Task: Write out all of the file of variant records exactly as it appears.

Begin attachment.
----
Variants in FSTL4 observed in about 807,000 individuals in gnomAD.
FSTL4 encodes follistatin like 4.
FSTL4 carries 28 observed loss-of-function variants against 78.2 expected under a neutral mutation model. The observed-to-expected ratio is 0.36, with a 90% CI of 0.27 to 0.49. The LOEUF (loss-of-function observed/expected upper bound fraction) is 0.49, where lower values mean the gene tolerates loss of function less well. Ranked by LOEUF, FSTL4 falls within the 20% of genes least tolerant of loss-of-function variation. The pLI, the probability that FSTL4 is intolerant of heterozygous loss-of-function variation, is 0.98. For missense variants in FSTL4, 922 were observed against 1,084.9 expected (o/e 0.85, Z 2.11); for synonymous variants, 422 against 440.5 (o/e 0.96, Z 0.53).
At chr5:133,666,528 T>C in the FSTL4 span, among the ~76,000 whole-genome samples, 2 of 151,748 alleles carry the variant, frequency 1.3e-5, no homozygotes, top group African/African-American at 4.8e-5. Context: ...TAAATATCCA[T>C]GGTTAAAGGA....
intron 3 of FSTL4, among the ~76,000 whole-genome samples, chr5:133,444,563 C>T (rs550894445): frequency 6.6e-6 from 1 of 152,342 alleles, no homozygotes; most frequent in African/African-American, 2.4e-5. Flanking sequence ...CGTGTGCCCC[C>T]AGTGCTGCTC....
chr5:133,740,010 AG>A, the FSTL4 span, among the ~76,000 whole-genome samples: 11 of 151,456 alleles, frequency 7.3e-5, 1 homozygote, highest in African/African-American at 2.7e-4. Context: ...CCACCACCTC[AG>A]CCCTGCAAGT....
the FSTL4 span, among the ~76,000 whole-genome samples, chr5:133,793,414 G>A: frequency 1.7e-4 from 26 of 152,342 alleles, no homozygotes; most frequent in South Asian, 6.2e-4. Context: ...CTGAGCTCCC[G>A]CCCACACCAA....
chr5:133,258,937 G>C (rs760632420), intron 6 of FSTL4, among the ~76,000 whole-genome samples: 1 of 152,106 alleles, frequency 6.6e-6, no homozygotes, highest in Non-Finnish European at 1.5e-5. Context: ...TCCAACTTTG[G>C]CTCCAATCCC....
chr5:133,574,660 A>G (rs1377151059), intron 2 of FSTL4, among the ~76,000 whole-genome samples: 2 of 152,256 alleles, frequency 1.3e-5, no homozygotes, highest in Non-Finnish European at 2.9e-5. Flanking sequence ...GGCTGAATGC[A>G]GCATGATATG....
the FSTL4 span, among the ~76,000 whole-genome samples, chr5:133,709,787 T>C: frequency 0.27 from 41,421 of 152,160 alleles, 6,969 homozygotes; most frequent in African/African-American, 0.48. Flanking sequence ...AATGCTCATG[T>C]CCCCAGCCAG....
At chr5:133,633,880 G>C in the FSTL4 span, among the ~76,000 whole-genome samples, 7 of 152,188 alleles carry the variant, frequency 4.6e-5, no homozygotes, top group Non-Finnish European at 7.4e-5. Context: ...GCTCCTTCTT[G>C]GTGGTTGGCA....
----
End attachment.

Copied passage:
Variants in FSTL4 observed in about 807,000 individuals in gnomAD.
FSTL4 encodes follistatin like 4.
FSTL4 carries 28 observed loss-of-function variants against 78.2 expected under a neutral mutation model. The observed-to-expected ratio is 0.36, with a 90% CI of 0.27 to 0.49. The LOEUF (loss-of-function observed/expected upper bound fraction) is 0.49, where lower values mean the gene tolerates loss of function less well. Ranked by LOEUF, FSTL4 falls within the 20% of genes least tolerant of loss-of-function variation. The pLI, the probability that FSTL4 is intolerant of heterozygous loss-of-function variation, is 0.98. For missense variants in FSTL4, 922 were observed against 1,084.9 expected (o/e 0.85, Z 2.11); for synonymous variants, 422 against 440.5 (o/e 0.96, Z 0.53).
At chr5:133,666,528 T>C in the FSTL4 span, among the ~76,000 whole-genome samples, 2 of 151,748 alleles carry the variant, frequency 1.3e-5, no homozygotes, top group African/African-American at 4.8e-5. Context: ...TAAATATCCA[T>C]GGTTAAAGGA....
intron 3 of FSTL4, among the ~76,000 whole-genome samples, chr5:133,444,563 C>T (rs550894445): frequency 6.6e-6 from 1 of 152,342 alleles, no homozygotes; most frequent in African/African-American, 2.4e-5. Flanking sequence ...CGTGTGCCCC[C>T]AGTGCTGCTC....
chr5:133,740,010 AG>A, the FSTL4 span, among the ~76,000 whole-genome samples: 11 of 151,456 alleles, frequency 7.3e-5, 1 homozygote, highest in African/African-American at 2.7e-4. Context: ...CCACCACCTC[AG>A]CCCTGCAAGT....
the FSTL4 span, among the ~76,000 whole-genome samples, chr5:133,793,414 G>A: frequency 1.7e-4 from 26 of 152,342 alleles, no homozygotes; most frequent in South Asian, 6.2e-4. Context: ...CTGAGCTCCC[G>A]CCCACACCAA....
chr5:133,258,937 G>C (rs760632420), intron 6 of FSTL4, among the ~76,000 whole-genome samples: 1 of 152,106 alleles, frequency 6.6e-6, no homozygotes, highest in Non-Finnish European at 1.5e-5. Context: ...TCCAACTTTG[G>C]CTCCAATCCC....
chr5:133,574,660 A>G (rs1377151059), intron 2 of FSTL4, among the ~76,000 whole-genome samples: 2 of 152,256 alleles, frequency 1.3e-5, no homozygotes, highest in Non-Finnish European at 2.9e-5. Flanking sequence ...GGCTGAATGC[A>G]GCATGATATG....
the FSTL4 span, among the ~76,000 whole-genome samples, chr5:133,709,787 T>C: frequency 0.27 from 41,421 of 152,160 alleles, 6,969 homozygotes; most frequent in African/African-American, 0.48. Flanking sequence ...AATGCTCATG[T>C]CCCCAGCCAG....
At chr5:133,633,880 G>C in the FSTL4 span, among the ~76,000 whole-genome samples, 7 of 152,188 alleles carry the variant, frequency 4.6e-5, no homozygotes, top group Non-Finnish European at 7.4e-5. Context: ...GCTCCTTCTT[G>C]GTGGTTGGCA....